Clean Python Solution


  • 22
    W

    Use recursion. Pass down two parameters: lessThan (which means that all nodes in the the current subtree must be smaller than this value) and largerThan (all must be larger than it). Compare root of the current subtree with these two values. Then, recursively check the left and right subtree of the current one. Take care of the values passed down.

    class Solution(object):
        def isValidBST(self, root, lessThan = float('inf'), largerThan = float('-inf')):
            if not root:
                return True
            if root.val <= largerThan or root.val >= lessThan:
                return False
            return self.isValidBST(root.left, min(lessThan, root.val), largerThan) and \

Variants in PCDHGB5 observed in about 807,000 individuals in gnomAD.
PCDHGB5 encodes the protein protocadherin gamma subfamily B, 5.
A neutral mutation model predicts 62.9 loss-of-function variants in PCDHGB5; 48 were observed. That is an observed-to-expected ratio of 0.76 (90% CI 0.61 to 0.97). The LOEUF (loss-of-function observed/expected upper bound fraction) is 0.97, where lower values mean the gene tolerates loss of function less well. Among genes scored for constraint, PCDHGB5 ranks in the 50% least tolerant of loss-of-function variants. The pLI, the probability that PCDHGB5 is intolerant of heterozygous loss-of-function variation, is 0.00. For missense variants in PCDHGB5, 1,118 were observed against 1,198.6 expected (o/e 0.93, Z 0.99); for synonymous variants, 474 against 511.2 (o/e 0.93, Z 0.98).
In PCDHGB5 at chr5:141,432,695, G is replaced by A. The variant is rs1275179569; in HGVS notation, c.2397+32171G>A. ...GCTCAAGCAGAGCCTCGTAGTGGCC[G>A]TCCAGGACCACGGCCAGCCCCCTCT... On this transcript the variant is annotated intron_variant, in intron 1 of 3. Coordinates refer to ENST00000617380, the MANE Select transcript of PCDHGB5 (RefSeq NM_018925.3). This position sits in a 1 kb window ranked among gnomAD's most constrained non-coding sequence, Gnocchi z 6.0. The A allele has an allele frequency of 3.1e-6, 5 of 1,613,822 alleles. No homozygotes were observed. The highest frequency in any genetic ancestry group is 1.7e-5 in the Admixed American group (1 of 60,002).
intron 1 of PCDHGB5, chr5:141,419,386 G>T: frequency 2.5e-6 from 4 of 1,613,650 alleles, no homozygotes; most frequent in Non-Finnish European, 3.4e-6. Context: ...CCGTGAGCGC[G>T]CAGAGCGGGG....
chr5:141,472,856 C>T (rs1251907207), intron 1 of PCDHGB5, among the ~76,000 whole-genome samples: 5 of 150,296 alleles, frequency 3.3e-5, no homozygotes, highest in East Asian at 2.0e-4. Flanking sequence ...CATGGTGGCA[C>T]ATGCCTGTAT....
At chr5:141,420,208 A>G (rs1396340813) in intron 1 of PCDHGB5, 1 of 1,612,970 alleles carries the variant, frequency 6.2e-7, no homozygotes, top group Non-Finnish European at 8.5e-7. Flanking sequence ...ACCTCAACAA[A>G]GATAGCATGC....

self.isValidBST(root.right, lessThan, max(root.val, largerThan))

  • 0
    J

    So freaking brilliant.
    Short and elegant!


  • 0
    C

    wouldn't min(lessThan, root.val) and max(root.val, largerThan) return always root.val?


  • 0
    W

    Yes they will...


  • 13
    P

    might be more intuitive:

    def isValidBST(self, root, floor=float('-inf'), ceiling=float('inf')):
        if not root: 
            return True
        if root.val <= floor or root.val >= ceiling:
            return False
        # in the left branch, root is the new ceiling; contrarily root is the new floor in right branch
        return self.isValidBST(root.left, floor, root.val) and self.isValidBST(root.right, root.val, ceiling)
    

  • 3

    Might be 1-linear:

        def isValidBST(self, root, left = float('-inf'), right = float('inf'),):
            return not root or left < root.val < right and \
                    self.isValidBST(root.left, left, root.val) and \
                    self.isValidBST(root.right, root.val, right)

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